Next, Solder all through-hole components (3 connectors, 5 switches, 4 diodes and 9 LEDs). For each components, first solder 1 pin, then make sure the component is places correctly, and only then solder the rest of the pins. (if it is not places correctly, since only one pin is soldered, you can heat-up this pin with the soldering Iron and move the component until it is placed correctly.) for the LEDs, pay attention for the polarity: align the strait cut on the bottom of the led dome with the strait line on the PCB symbol. The LEDs should have a small bending on their leads helping you place them at the correct height above the PCB. Note also the diodes polarity – black stripe on diode goes to the white line on the PCB.
Important note: The the JST programming connector goes on the BACK side of the PCB.

3. prepare the USB cable.

To hold the new cable nicely into the body, we need to reuse the rubber gasket that held the original cables. There are 2 cables passing through the gasket. Cut both cables as close as possible to the surface of the gasket from both sides.


Cable gasket. Cut on both sides.

After cutting the cables, pull out all internal wires from the gasket to free the holes. Take the new USB cable. If you use a USB extension cable as I did, cut out the female side. Try to pass the cut edge of the new cable through the gasket hole (either of them).  If the hole is too tight, measure the cable diameter, and use a standard drill bit with the similar diameter to widen the hole. Make sure you insert the cable from the correct side.


New USB cable inserted through gasket.

After the cable is inserted, expose about 1 Inch of wires from the cut edge, then from each wire expose a few millimeters of copper.

It is very important now to make sure the wire colors of the USB cable are correct. (In my case I found out that they ware not). Using a multimeter or similar device make sure the wire colors are as in the following pinout table:


USB type A connector looking from the front side.

1. Red (VCC)
2. White (D-)
3. Green (D+)
4. Black (GND)

If the wiring is not correct, make sure you map them correctly when connecting to the PCB.

4. Connecting the PCB to the main body

First you want to solder the USB cable to the PCB. Use the following image to see where each wire goes:


USB cable to PCB wire connection.

Now you need to connect the 3 x 2 potentiometers wires.  Solder the POT wires using the image below and the notes you made at step 3 of preparation stage.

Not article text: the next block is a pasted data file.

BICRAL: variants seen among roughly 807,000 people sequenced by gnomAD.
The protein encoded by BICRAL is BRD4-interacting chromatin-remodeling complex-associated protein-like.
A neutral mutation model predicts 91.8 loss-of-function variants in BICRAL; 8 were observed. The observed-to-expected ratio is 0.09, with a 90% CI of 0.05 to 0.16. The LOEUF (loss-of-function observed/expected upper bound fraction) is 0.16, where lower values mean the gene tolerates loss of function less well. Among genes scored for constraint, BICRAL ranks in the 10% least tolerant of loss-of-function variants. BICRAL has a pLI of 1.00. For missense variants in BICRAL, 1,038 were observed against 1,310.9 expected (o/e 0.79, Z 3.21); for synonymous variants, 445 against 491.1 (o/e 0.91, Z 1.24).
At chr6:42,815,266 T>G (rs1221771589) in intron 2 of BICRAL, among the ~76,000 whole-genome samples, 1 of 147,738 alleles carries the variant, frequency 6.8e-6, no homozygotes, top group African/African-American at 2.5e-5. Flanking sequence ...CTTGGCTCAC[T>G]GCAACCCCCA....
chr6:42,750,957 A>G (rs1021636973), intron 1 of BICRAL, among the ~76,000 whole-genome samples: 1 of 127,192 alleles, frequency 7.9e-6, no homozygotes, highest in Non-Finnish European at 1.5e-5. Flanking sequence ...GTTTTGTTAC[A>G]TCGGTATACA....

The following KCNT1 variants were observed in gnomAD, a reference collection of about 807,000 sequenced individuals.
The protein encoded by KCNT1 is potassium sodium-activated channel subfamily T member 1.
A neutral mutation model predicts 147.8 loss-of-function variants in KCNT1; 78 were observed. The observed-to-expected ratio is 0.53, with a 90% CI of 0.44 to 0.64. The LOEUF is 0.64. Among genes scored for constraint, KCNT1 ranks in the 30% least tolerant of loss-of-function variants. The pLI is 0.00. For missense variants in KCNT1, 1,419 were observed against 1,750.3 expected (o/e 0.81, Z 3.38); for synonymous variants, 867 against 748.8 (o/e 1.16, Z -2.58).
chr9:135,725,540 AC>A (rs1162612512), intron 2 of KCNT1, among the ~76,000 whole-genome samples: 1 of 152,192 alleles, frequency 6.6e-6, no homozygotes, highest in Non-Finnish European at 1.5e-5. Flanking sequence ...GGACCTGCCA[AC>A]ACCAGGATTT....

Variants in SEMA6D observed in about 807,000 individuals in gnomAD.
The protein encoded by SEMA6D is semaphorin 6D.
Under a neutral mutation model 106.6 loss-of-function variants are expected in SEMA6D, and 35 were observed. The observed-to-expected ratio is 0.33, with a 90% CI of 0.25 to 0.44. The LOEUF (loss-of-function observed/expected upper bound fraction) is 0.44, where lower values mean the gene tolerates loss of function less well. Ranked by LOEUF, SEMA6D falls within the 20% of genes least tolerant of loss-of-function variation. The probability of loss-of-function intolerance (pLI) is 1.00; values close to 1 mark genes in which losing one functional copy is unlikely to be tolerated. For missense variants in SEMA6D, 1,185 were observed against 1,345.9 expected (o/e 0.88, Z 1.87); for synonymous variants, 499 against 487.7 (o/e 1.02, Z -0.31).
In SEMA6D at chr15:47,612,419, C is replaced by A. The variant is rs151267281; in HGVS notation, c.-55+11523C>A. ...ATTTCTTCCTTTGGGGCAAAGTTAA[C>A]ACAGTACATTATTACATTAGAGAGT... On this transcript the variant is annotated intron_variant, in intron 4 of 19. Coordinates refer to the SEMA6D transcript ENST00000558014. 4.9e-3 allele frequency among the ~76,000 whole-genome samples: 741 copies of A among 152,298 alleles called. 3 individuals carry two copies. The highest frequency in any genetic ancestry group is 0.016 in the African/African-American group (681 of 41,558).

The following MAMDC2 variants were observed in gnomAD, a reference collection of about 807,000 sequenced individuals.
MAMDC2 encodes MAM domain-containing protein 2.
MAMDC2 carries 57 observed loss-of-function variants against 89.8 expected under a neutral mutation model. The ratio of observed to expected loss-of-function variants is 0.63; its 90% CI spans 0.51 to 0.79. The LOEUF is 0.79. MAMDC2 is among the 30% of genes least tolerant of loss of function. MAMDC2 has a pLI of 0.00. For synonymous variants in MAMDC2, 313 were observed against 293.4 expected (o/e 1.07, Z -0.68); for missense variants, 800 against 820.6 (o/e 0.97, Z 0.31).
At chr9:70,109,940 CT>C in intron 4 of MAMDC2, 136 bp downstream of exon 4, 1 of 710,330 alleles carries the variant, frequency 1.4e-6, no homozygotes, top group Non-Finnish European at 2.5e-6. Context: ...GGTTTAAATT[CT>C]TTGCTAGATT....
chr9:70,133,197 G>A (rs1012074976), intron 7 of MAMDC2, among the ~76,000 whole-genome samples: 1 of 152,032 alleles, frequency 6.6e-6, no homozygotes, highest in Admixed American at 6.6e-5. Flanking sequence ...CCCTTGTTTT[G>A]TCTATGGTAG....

Left POT connections


Right POT connections

Last, you need to connect the 5 and 11 wire cables coming from the grip assembly. There is only one way to connect the 5 pin connector. The 11 pin connector connect to the upper line of pins in the 11 pin header, noting that the side with brown and black wires are toward pin number 1.


PCB fully assembled and connected to main body.

 5. Fitting the PCB in place.

Before placing the PCB in place, make sure the slide switch is aligned with its cup on the body. Now carefully place back the 4 red tact switch caps. Make sure the springs in the cups are placed correctly. Carefully turn the PCB upside down making sure all connected wires are getting in the way of the switches or the screw holes. Screw back the 3 PCB screws to hold the PCB in place.


PCB fit in place.

That’s about it for the hardware part!

Programming the software

The software for the PIC is similar to the one used on the F15 joystick. Similarly, when the slide-switch is on (LED is lit), several buttons become toggle buttons. The left and right grip are mapped to X and Y analog axis. In addition there are 16 switches, and 2 8-direction POVs.

Download the project from this link: SuncomUsbThrottle_PIC18F25K20

Use the same procedure as in the Suncom Joystick post to program the Throttle.

That’s it for the software part!

Final touch

Before closing everything, 2 last things should be done:

1. You may want to cover the original extension connector holes by inserting back the small connector PCB. Cut all wires coming out of it before you do so.

2. As one of the readers suggested, place a cable tie at the entry side of the USB cable, to make sure the cable will not be accidentally pulled out.  (Thank you, Craig!)


Final touch


Cable entry and extension connectors in place

Thats all!

Close up the bottom plate, and enjoy your renewed Suncom SFS Throttle!


As asked by Rajeen, here is a (rough) button connections diagram for the grip: GripButtonDiagram

Converting old Game-port joysticks to USB

This project intend to revive old PC Game port type joysticks by converting them to modern USB HID game device.

So, you want to convert your good old Suncom F15 Talon joystick from this:


into this:


In this post I will explain in detail how to convert an old Game Port joystick to USB using pic microcontroller. I will also provide PCB schematics and PIC firmware.

Note: This project requires basic electronics understanding and soldering skills, And of course, everything provided here is given as-is, use it wisely and on your own risk.

This project is intended to replace the hardware of a Suncom f15 Talon joystick, but with little tweaks can be used for other types of joysticks. The PCB have several extra inputs to accommodate for extra inputs/axis.